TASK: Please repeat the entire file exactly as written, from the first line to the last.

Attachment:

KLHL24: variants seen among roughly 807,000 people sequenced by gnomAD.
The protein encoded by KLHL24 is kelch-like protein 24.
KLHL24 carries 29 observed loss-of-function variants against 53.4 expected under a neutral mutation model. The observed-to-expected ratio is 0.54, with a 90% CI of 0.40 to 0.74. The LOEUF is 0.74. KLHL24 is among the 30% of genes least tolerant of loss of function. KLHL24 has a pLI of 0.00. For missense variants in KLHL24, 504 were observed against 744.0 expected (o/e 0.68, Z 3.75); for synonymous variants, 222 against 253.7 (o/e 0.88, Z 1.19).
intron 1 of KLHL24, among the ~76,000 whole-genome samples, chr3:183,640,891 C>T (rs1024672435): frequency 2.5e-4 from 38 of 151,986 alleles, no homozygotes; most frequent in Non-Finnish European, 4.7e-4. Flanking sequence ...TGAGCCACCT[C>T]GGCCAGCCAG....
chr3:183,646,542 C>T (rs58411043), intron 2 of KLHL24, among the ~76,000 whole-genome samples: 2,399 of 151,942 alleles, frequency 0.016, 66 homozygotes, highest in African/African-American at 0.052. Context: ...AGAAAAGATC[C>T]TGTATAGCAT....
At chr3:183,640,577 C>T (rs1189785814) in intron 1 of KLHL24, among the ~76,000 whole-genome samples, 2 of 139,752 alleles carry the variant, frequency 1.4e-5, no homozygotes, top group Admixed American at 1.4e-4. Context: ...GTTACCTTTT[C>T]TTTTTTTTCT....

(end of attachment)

KLHL24: variants seen among roughly 807,000 people sequenced by gnomAD.
The protein encoded by KLHL24 is kelch-like protein 24.
KLHL24 carries 29 observed loss-of-function variants against 53.4 expected under a neutral mutation model. The observed-to-expected ratio is 0.54, with a 90% CI of 0.40 to 0.74. The LOEUF is 0.74. KLHL24 is among the 30% of genes least tolerant of loss of function. KLHL24 has a pLI of 0.00. For missense variants in KLHL24, 504 were observed against 744.0 expected (o/e 0.68, Z 3.75); for synonymous variants, 222 against 253.7 (o/e 0.88, Z 1.19).
intron 1 of KLHL24, among the ~76,000 whole-genome samples, chr3:183,640,891 C>T (rs1024672435): frequency 2.5e-4 from 38 of 151,986 alleles, no homozygotes; most frequent in Non-Finnish European, 4.7e-4. Flanking sequence ...TGAGCCACCT[C>T]GGCCAGCCAG....
chr3:183,646,542 C>T (rs58411043), intron 2 of KLHL24, among the ~76,000 whole-genome samples: 2,399 of 151,942 alleles, frequency 0.016, 66 homozygotes, highest in African/African-American at 0.052. Context: ...AGAAAAGATC[C>T]TGTATAGCAT....
At chr3:183,640,577 C>T (rs1189785814) in intron 1 of KLHL24, among the ~76,000 whole-genome samples, 2 of 139,752 alleles carry the variant, frequency 1.4e-5, no homozygotes, top group Admixed American at 1.4e-4. Context: ...GTTACCTTTT[C>T]TTTTTTTTCT....